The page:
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Currach launch gives it five

QUERRIN Pier was buzzing last Sunday for the launch of a five-hand currach, built by boat-builder, James Madigan. A vessel of this type has not sailed the estuary waters since the 1800s.
The launch was in conjunction with the Querrin regatta, which was held last year, for the first time since 1907.
Dixie Collins, of the West Clare Currach Club, said that elements of the five-hand currach were unique to West Clare.
“She’s just under 30 foot and she’s a five-hand canoe, with a mast up on the bow with a lug sail. That’s a square sail that you use in boats like this. They wouldn’t have been traditionally used in Clare but they would have been used on the Aran Islands and down in Kerry.
“She’s a bit wider on the beam and the oars are a bit longer than our three-hand canoe. We’re all quite curious to know how she’ll handle and how she’ll feel. We have people here today from Kerry, Cork, the Aran Islands and Connemara,” he explained.
Members of the McSweeney family in Kilkee fundraised in New York for materials, in memory of Eddie McSweeney, and Clare VEC funded tutor hours to build the boat.
James Madigan, from Kilrush, built the currach with a keen group of local trainees, during the winter in Ned’s Shed.
“We started around November. It was an educational project. We started on Saturdays from 10am until about 3pm. We went back into it again after Christmas.
“The boats are only a by-product. It’s really to keep the skills alive. I think it’s been about 150 years since the likes of that was seen around here. That particular style is unique to Clare. It has got features that you wouldn’t see in Kerry or Connemara,” James, who learned his trade from his grandfather, explained.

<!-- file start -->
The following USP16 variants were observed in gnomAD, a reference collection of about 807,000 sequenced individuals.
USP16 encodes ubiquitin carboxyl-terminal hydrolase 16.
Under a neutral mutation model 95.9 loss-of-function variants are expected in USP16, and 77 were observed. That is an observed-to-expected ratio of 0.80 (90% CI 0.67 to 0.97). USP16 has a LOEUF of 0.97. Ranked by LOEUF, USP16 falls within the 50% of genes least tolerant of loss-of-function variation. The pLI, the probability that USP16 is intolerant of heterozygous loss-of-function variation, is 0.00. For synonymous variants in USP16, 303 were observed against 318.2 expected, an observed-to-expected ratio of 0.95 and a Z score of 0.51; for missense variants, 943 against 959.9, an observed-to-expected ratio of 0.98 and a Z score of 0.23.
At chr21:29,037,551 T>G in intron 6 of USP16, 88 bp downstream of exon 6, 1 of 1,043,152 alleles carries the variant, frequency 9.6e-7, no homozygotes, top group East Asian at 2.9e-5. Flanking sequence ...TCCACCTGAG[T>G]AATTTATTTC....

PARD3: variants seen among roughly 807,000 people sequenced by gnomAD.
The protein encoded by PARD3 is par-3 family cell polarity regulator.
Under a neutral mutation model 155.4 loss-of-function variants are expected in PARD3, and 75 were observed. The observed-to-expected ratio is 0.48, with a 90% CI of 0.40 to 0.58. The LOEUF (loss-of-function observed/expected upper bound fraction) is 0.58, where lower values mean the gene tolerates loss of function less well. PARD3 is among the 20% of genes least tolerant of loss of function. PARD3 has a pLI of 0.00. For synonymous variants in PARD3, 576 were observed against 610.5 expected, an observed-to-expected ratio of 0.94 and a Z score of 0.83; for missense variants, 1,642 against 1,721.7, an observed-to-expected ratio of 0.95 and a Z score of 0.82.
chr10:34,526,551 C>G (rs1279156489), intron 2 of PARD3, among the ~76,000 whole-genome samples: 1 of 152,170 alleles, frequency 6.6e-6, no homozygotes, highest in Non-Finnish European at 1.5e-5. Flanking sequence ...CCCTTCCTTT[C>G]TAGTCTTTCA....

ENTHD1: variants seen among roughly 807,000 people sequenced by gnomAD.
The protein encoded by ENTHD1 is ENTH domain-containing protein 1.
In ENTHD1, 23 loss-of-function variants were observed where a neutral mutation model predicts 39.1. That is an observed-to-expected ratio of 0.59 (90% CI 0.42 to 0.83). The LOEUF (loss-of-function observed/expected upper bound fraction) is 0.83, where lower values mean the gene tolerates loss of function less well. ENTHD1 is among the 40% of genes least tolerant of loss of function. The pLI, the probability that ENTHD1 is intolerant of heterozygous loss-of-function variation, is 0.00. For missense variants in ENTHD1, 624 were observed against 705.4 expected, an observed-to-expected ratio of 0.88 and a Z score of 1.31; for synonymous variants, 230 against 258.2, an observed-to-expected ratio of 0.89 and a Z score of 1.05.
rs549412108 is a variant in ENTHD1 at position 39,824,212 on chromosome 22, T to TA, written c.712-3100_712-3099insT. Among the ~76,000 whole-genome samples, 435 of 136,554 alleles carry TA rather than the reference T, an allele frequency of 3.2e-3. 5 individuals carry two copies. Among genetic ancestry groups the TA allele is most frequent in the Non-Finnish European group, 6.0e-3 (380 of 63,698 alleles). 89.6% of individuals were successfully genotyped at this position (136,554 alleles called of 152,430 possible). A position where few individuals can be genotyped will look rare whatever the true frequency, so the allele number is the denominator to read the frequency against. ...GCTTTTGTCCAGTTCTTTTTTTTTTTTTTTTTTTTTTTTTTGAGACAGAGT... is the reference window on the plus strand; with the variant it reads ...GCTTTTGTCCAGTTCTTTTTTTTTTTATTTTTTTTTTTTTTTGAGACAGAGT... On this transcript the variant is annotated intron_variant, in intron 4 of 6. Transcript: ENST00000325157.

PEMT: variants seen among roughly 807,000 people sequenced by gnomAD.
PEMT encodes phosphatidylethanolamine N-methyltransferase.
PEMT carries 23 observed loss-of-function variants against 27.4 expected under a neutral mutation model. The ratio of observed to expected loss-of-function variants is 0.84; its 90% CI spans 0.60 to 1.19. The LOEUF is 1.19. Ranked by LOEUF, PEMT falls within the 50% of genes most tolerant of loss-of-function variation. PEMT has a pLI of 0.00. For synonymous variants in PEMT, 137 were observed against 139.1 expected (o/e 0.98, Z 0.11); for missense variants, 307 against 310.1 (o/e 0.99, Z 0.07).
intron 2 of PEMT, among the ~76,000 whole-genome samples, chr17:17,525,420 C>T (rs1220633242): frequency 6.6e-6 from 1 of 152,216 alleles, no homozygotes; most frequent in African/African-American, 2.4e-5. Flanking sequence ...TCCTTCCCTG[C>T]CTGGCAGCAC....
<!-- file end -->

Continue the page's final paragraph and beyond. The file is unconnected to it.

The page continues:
“Going back over a long number of years, a style developed locally, depending on local conditions, which makes it more interesting,” Dixie noted.
“I think the Clare boats were more refined. That goes back to Victorian times. Kilkee was a Victorian town and, to make extra income, the fishermen would take visitors out for trips,” James revealed, before Dixie outlined what the boats were sometimes used for.
“There are well-known caves, Pigeon Cave, back under the cliffs near Bishop’s Island. The cave is about 150 to 200 feet deep. They would take people into the caves. We reckon this boat will last 50 years, if it’s managed right. This boat will outlive all of the people that built it,” he maintained.
James has built 30 boats, including one in the US last year.
“It’s a tremendous asset to the community. You have a low-budget vessel that you can use for sailing. There is a massive expanse of water around the estuary. It would be great to see the boat used to teach seamanship,” James suggested.
“You could go round Ireland in that boat. It’s like anything, you need to know the day not to go out on the water. It just opens up a whole new place to go.
“If you’re out on the water, you see the coast in a very different way than you do when you’re looking out at it. We build all of these boats in memory of the people who used them.
“I’m old enough to have known the lads who fished but the young lads wouldn’t remember them. It’s a real living link for us,” Dixie said of the new five-hand currach.


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